The beans / corn section – the corn looks ok, but the beans are a little sparse. I’m too embarrassed to show that picture. But where I have the beans / sunflowers it’s the opposite story. The beans look fantastic! The sunflowers … uh, what sunflowers? Again, we’ll have to support the beans another way.
This one makes me sad. Apparently that heat wave we got last week caused my spinach to bolt. This is my first experience with growing spinach, but it sounds like the best thing to do is dig it up and start over? Advice anyone? I was really looking forward to some spring spinach.
In addition to problems with the spinach, I’m not having much luck with the lettuce either. Pretty pathetic crop, huh? (the left side picture). The only green leaf that has been going well this spring is the Swiss chard. I’ve never really eaten it before, but Dave sampled some when we were contemplating our garden choices and liked it. Now he says the stuff I’ve grown doesn’t taste the same, but maybe there are different varieties?
Both sections of butternut squash look good. I suppose I’d better thin them to one plant so they don’t take over the whole garden … but thinning is one of the hardest parts of gardening for me! I hate to see those plants go “to waste”.
If you look on the chart, you’ll see some empty spaces around the squash and cantaloupe. That’s because I know they’re going to grow and take up lots of space so I need to allow for room. I was thinking about trying to plant some early crops (radishes, spinach, etc) in those empty spaces so they could be harvested before the vines take over.
The cantaloupe didn’t seem like it was coming up, so I replanted the seeds. Now it has appeared, but it seems far behind everything else. I saw some varieties where you needed to start them indoors early, but this is an early variety that could be direct sown.
I have regular set onions and scallions in the garden. Onions are pretty easy to grow - just plant the little buggers in the ground and watch them get bigger! I planted one section with “set” scallions and another from seed. The seed ones still look rather pathetic. I’m hoping they perk up with all the rain and sunshine we’re supposed to get over the next few days.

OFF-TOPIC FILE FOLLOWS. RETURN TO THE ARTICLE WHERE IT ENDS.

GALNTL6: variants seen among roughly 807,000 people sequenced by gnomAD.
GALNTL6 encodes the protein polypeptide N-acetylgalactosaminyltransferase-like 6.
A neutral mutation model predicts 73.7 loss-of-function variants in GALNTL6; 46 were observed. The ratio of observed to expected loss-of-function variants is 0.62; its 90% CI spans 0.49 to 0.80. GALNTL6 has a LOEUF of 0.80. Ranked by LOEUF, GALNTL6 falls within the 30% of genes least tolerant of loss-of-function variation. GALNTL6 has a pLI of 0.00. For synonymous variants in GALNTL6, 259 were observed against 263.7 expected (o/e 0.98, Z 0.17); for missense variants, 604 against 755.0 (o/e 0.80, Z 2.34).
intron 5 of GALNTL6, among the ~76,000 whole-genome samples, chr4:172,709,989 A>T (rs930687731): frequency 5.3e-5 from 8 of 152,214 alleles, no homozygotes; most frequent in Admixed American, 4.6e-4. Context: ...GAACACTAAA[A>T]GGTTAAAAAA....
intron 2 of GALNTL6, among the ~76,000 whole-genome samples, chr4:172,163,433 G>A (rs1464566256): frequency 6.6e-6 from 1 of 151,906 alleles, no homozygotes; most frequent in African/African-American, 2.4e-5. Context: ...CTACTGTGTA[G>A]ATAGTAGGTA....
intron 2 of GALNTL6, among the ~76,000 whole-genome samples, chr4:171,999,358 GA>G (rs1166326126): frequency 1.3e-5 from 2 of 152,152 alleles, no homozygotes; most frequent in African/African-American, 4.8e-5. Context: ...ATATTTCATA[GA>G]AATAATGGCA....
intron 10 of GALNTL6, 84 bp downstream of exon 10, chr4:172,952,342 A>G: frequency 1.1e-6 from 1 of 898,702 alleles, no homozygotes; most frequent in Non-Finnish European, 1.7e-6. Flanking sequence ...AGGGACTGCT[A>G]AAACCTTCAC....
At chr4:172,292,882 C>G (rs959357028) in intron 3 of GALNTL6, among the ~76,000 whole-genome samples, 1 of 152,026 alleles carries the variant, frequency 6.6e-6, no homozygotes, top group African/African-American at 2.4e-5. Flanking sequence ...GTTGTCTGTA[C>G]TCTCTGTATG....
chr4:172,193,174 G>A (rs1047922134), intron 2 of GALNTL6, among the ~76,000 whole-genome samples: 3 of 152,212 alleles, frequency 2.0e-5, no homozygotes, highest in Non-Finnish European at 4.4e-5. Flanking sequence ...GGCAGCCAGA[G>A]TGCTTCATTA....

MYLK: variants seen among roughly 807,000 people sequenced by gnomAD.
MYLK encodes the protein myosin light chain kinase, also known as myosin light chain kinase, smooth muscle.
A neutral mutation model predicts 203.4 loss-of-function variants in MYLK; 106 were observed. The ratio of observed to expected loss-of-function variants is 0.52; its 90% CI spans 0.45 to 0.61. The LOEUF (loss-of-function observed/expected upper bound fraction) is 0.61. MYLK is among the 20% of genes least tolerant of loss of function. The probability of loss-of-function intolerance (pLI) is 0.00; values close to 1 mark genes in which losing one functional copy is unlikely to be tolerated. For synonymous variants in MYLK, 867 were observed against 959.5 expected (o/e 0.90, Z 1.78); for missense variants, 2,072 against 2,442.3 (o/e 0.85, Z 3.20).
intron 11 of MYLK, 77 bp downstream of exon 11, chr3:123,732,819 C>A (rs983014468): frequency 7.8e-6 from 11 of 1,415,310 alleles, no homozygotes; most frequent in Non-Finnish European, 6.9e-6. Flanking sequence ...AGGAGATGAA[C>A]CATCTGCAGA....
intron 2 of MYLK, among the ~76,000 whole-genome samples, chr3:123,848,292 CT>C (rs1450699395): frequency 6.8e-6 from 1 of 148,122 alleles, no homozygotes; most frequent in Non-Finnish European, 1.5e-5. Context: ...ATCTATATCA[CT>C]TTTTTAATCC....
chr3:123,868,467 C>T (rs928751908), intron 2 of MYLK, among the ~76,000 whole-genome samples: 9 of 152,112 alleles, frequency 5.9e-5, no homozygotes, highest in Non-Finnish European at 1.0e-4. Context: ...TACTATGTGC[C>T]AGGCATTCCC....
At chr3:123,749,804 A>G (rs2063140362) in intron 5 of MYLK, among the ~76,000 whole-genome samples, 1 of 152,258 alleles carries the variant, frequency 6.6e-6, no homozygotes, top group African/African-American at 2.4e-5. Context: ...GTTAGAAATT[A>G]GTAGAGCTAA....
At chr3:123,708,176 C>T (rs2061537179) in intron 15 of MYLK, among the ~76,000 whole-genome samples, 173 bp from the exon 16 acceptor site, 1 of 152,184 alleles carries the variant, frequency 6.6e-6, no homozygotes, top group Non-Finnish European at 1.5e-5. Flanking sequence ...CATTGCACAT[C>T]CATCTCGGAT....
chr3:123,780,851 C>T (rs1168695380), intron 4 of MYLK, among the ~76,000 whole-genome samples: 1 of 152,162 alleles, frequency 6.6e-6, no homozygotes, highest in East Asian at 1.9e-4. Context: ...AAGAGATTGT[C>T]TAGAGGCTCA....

I started leeks inside this spring. When I moved them into the garden, they didn’t seem strong enough to survive, so I also planted some more seeds. Something is growing – I’m just not sure if it’s my original plants or the replanted ones. Still pretty small.
One lesson I learned this year is I won’t try to start my own peppers or tomatoes from seed again. In talking with a vendor at farmer’s market, you really need to have grow lights or they get too spindly. Like mine. The Roma tomato plants I started look pretty good. I also started Big Boy and “ES” – Endless Summer. Because mine looked so spindly and some didn’t survive, I decided to pick up a couple of plants from farmer’s market. I bought a Best Boy and something called a Striped Roman. It supposedly produces long fruit that is striped. Very meaty, juicy, and a good all-around use tomato.
The peppers look “ok” – but they’re also a bit small compared to what you’d buy. I planted both bell peppers and “hot” peppers(jalapeno).
I had originally planned on growing several types of herbs, changed my mind on some and didn’t pick up seeds. Then, some of the herbs I tried to plant didn’t bother to come up. The only one that seems to be a success is my basil. There are two small plants in that section.
The Brussels sprouts were an after-thought. As I said there were some plants that didn’t come up or survive. Someone at work left a 4-pack of plants in the lunch room to go to “a good home”. I split the 4-pack with a coworker and planted two sections. I never really grew up eating Brussels sprouts, but I think I like them… If nothing else, Dave does.
And finally, beets. The whole Nuland family ADORES pickled beets. Since I only married into the family, I’ve never been crazy about them. But, this garden isn’t just about my likes and wishes, so Dave will get his beets. I hope to give beets a try again this year. They say your tastes change as you age. Maybe we’ll even sample some non-pickled beets.
Overall, I think the garden is coming along nicely. It’s only the beginning of June, and most years we probably wouldn’t have planted some of the garden until a week or two before this. But with our very early spring, everything got a jump-start this year.
How is your garden growing?